Exercising a break clause will allow you to terminate a lease before the expiry of the contractual term. However, in order to exercise a break right effectively, the break notice must be served in compliance with the lease terms and any conditions to the break must be complied with. These are the key points to consider:
1. Is it a fixed break date or a rolling break clause?
A break clause is often drafted to be exercisable on one or more fixed dates throughout the term of the lease. However, it may also be drafted as a rolling break clause, meaning it can be exercised at any point on a particular period of notice. If your lease contains fixed break dates, it is essential to ensure that the break notice is served correctly and that all conditions of the break have been complied with to avoid losing the opportunity to end your lease early.
2. How to exercise a break right
You will need to serve a break notice on the landlord to exercise the break in accordance with the terms of the lease. The correct notice period must be given and it should comply with the notice provisions in your lease. It is important to begin preparing to serve your break notice well in advance of the break date and our Real Estate Disputes Team can assist with the service of break notices.
3. What break conditions need to be complied with?
There will likely be conditions to be complied with in order for a break notice to be valid. The most common examples are:
- Monies being paid up to the break date. It is important to check what monies the lease refers to as this may be limited to the annual rent but could also include other payments such as insurance rent and service charge (including any Value Added Tax). All sums should be paid as if you were not terminating the lease, including for the period after the break date, and you should request in writing confirmation from the landlord of any sums which are due in case these have not yet been demanded. A landlord will not be obliged to assist you in working out what you need to pay so you need to undertake a thorough review of historic payments to ensure there are no arrears and, if necessary, pay any late interest that might be owed. The lease sometimes includes a clause requiring the landlord to refund any sums paid for the period after the break date within a certain period of time, although for payments such as service charge this will usually be after any reconciliation is carried out; and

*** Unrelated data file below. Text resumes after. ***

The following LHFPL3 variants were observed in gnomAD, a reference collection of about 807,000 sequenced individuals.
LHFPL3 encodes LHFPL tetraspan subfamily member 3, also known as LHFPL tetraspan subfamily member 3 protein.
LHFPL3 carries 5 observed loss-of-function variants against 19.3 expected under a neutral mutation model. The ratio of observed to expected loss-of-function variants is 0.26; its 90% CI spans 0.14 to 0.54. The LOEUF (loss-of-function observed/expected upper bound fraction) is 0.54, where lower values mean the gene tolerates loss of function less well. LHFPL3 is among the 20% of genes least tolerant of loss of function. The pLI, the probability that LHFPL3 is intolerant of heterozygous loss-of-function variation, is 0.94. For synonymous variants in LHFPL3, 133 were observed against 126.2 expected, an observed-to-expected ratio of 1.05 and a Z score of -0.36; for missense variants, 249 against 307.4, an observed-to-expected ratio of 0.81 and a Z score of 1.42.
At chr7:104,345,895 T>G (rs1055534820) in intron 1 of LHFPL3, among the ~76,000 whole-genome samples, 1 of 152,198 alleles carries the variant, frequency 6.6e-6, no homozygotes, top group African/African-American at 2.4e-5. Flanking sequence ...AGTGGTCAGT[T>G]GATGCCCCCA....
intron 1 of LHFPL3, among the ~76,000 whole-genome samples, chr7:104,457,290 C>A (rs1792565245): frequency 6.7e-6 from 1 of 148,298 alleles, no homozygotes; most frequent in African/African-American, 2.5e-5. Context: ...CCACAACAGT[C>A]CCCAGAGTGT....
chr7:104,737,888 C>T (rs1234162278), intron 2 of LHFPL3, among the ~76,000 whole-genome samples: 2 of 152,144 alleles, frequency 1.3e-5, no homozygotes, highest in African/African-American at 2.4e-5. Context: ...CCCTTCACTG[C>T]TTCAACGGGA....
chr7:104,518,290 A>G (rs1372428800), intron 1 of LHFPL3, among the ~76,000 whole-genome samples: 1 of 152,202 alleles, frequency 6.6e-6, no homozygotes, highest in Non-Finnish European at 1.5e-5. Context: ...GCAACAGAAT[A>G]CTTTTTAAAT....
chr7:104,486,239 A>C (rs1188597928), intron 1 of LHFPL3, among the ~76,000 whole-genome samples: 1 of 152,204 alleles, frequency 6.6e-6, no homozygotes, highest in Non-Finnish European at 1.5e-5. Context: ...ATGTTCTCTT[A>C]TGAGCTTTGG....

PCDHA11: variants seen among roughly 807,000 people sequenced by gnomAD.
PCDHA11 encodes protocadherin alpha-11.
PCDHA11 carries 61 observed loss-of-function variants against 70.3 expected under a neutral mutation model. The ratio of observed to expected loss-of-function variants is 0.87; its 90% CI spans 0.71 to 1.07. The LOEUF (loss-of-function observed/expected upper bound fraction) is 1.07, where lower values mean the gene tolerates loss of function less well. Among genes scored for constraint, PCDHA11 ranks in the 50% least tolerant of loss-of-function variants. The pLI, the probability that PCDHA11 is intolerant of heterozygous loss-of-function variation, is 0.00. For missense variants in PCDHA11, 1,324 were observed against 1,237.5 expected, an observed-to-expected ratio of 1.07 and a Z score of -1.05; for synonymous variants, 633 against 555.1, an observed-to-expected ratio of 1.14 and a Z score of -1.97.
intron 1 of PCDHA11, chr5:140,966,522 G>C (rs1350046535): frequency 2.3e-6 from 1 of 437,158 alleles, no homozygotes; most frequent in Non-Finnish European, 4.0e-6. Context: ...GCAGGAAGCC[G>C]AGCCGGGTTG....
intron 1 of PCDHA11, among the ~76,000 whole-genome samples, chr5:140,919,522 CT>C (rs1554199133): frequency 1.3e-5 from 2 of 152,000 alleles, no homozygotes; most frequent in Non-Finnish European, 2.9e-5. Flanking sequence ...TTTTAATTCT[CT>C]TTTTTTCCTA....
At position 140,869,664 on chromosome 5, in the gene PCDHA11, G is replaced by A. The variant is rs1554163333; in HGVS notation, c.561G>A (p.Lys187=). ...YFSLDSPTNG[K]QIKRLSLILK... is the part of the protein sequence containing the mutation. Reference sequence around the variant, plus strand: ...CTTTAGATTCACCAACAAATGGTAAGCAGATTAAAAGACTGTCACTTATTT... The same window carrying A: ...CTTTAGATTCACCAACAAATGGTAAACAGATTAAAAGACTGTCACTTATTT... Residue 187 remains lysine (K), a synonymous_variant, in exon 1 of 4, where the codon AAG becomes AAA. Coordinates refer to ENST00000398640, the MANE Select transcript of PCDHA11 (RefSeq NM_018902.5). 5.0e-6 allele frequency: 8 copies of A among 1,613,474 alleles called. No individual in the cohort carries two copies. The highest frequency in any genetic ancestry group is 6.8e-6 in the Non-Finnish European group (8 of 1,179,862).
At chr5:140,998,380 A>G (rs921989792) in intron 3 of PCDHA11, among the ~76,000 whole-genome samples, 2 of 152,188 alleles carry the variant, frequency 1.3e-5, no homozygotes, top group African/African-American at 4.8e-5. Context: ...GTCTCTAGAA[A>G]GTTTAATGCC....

- Vacant possession may need to be given or the property may need to be returned free from occupation. It is important to check the wording of the lease as the obligation to give “vacant possession” is more onerous than returning the property free of occupation.
Break conditions can be onerous and will be interpreted strictly, with even a minor default being enough to frustrate a break. You should therefore plan ahead carefully and seek advice well in advance of the break date (and preferably before you even decide to exercise the break option) to ensure that you know exactly what you need to do to comply with the conditions. Our Real Estate Disputes Team will be able to assist you throughout this process.